Former Australian Prime Minister Julia Gillard was in Ottawa this weekend for the Broadbent Institute Progress Summit. Speaking to Raylene Lang-Dion from Equal Voice, a multi-partisan organization dedicated to electing more women in Canada, Gillard gave some advice for women aiming to enter politics:
"You've got to be resilient," she said. "Politics in today's world is somewhere that you're criticized [through] social media, and people will see the most awful things written about them and really stress and worry about that. You've got to find some of the tricks to say, 'I'm going to keep all that at arm's length. 'I can 't let twitter tell me what to think about myself.'"
She said mistakes big and small can happen, but that women in politics need to remember the larger picture.
"Don't worry about the small things, focus on the big things, the big purpose that got you into politics in the first place...Always be clear about your purpose. You won't survive in politics unless you know why you're there…be strong in yourself. Shape your own image of yourself, and don't let others, whether it be pages of the newspapers, or TV cameras or something else, shape your image."
A former top campaign organizer for U.S. President Barack Obama, now working on a political action committee backing Hilary Clinton should she seek the presidency in 2016, gave closed-door briefings and workshops to union organizers, activists and NDP volunteers Thursday as part of a Broadbent Institute “progress summit” for political action.
The workshops and strategy sessions by Mitch Stewart, a series of briefings that also featured members of the institute’s newly appointed field of high-profile “leadership fellows” also involved in the sessions, took place the day before the official start of the summit that headlines former Australian prime minister Julia Gillard as a somewhat controversial keynote speaker.
Elected as Australia’s Labour Party prime minister in 2010, Ms. Gillard included opposition to legalizing same-sex marriage among her main policy positions.
The two-day summit hosted by the Broadbent Institute—a left wing or progressive version of the Calgary-based Manning Centre, a right-wing training ground and networking institute founded by former Reform Party leader Preston Manning—features activists, authors, professors and social democrat politicians with panels and individual presentations covering a range of social and economic themes, including green politics, indigenous peoples’ rights social networking advocacy campaigns and defence of trade union rights.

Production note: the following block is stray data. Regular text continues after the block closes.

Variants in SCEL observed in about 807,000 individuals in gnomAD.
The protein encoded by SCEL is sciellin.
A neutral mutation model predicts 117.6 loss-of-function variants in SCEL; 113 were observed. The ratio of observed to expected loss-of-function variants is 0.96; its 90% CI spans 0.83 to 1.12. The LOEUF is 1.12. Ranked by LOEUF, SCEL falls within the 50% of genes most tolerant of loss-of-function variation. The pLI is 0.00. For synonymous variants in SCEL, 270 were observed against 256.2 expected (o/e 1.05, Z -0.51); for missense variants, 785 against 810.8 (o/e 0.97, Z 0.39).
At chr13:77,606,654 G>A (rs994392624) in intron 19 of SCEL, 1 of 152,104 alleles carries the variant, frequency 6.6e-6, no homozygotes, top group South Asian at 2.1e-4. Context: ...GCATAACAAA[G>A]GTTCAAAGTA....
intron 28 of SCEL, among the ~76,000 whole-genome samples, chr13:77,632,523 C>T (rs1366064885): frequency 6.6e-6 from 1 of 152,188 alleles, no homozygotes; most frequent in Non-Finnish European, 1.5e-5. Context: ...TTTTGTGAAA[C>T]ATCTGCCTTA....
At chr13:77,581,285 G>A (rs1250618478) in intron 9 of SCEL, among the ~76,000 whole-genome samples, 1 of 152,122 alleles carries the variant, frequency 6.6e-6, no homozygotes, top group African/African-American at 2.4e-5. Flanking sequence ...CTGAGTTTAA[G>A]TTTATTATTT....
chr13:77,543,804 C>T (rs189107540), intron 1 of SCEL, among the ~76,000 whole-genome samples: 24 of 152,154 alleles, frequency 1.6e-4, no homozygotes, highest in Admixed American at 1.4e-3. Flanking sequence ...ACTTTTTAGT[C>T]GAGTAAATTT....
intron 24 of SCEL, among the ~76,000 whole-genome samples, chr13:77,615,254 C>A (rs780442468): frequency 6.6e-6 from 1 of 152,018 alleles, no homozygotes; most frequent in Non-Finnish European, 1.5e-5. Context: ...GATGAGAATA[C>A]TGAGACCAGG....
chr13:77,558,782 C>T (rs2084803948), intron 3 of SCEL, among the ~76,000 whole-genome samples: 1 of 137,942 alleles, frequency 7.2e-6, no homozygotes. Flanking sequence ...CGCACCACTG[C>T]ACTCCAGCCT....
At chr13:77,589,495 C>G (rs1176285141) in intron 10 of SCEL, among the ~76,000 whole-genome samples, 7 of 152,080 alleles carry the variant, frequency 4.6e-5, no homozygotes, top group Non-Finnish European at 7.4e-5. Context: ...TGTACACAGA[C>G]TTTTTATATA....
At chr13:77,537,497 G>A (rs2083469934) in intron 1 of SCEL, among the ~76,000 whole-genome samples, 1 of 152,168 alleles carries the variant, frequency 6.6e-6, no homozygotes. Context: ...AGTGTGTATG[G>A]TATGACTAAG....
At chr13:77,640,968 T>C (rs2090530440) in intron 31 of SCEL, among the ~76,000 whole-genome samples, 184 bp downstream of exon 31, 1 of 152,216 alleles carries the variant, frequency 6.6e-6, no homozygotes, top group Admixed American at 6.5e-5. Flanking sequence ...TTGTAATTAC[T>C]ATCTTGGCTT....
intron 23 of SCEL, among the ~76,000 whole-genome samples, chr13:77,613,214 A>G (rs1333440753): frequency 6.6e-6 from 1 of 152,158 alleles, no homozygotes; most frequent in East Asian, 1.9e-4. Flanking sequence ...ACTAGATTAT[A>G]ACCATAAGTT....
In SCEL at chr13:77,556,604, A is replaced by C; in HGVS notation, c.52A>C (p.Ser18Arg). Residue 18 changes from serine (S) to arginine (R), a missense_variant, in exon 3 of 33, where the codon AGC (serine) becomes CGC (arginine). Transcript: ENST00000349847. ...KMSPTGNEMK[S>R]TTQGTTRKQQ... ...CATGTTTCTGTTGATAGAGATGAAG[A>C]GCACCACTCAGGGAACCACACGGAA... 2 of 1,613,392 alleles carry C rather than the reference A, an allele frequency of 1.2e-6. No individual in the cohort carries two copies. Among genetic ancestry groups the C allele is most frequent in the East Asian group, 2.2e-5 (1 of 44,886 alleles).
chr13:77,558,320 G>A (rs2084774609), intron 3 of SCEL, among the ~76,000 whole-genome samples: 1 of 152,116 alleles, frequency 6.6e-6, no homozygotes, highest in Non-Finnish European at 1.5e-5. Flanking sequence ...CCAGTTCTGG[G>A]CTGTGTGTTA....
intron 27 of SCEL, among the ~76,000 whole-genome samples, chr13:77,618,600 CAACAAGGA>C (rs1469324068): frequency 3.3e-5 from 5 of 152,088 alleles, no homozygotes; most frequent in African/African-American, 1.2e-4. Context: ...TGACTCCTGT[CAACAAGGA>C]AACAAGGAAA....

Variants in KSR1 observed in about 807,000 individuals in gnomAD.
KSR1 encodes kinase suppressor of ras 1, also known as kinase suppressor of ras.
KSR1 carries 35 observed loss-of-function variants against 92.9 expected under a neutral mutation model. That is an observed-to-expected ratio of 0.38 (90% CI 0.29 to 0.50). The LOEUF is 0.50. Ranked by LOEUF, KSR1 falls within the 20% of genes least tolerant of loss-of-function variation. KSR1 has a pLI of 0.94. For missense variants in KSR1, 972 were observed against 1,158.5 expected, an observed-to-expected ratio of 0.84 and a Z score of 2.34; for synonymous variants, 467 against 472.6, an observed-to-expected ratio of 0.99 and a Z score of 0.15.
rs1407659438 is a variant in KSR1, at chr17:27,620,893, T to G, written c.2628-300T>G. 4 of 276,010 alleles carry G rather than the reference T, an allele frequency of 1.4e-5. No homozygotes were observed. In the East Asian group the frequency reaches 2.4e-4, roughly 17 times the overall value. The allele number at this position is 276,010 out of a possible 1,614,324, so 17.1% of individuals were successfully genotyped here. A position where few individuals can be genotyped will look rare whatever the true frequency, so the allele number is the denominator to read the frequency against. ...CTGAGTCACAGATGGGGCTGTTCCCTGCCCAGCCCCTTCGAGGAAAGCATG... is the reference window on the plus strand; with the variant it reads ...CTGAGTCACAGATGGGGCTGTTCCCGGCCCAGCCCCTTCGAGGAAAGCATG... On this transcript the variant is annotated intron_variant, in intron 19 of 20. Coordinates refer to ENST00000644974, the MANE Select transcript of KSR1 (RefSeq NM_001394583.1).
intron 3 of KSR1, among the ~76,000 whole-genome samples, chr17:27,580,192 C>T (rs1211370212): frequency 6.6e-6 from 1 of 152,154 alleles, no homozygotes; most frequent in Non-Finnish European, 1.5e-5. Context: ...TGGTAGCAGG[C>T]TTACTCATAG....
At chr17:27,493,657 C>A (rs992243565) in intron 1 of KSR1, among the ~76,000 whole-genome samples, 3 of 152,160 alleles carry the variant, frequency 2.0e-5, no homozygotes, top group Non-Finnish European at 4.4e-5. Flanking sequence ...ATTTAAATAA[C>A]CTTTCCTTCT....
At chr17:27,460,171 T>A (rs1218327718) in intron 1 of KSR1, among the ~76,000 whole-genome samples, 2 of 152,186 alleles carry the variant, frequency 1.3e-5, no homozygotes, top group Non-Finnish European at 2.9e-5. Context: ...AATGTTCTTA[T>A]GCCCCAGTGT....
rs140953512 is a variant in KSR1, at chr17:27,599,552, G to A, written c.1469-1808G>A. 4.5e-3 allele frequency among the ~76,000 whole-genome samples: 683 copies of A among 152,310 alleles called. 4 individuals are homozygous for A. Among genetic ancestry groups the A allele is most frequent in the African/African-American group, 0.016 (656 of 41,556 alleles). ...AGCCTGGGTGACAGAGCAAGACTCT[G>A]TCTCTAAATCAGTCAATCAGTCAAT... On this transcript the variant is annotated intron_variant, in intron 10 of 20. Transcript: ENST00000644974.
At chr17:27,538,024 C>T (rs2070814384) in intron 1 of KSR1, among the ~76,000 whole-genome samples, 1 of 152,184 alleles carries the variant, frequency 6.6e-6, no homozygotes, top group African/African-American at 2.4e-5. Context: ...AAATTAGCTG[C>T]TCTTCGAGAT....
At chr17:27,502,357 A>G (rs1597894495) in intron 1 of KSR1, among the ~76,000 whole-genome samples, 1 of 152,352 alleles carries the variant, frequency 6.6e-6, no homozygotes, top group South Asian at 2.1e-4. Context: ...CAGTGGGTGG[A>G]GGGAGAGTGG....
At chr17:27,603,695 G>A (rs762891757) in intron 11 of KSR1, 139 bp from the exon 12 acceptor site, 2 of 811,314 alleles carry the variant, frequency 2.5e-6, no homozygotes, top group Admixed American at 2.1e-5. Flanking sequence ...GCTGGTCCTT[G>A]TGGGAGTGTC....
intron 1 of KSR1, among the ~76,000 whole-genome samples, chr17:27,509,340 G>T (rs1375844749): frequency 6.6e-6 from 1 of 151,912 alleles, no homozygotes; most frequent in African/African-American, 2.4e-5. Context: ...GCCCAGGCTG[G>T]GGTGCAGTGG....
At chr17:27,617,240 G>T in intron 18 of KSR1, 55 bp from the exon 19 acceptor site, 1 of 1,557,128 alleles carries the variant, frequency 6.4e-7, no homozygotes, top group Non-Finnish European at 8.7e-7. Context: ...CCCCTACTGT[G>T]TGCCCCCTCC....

Some of Parliament Hill’s top journalists, including author Susan Delacourt ofThe Toronto Star, Canadian Press bureau chief Heather Scoffield, and Maclean’s magazine columnist and author Paul Wells, are moderating several of the panels.
Mr. Stewart, founding partner at 270 Strategies, a longtime political activist, and Battleground States director for the Obama campaign in the 2012 presidential general election, was unable to speak in detail about his remarks and presentations behind the closed doors of “summit leadership training,” but explained them in general terms during an interview with The Hill Times.
A recent national Liberal policy convention in Montreal also featured closed-door campaign training sessions for party activists, but a presentation on online campaigning from another former Obama organizer was open to journalists.
“We talked about the lessons that we learned on the Obama campaign of running an effective campaign, running an effective organization, talking about setting goals, what are the strategies that can help you achieve those goals, and then what are the tactics that can help your strategy achieve those goals, giving some real-world examples and then workshopping a little bit with some Canadian specific examples,” Mr. Stewart said, without elaborating on the Canadian content.
“We’ll talk a lot this afternoon about relationship building, telling the story itself, narrative building, we’ll talk a lot about goal setting, and kind of melding the relationship-building aspects of the campaign with the cold, hard data and analytics of a campaign and how you employ the organization to help you achieve goals that the data and analytics inform,” he said.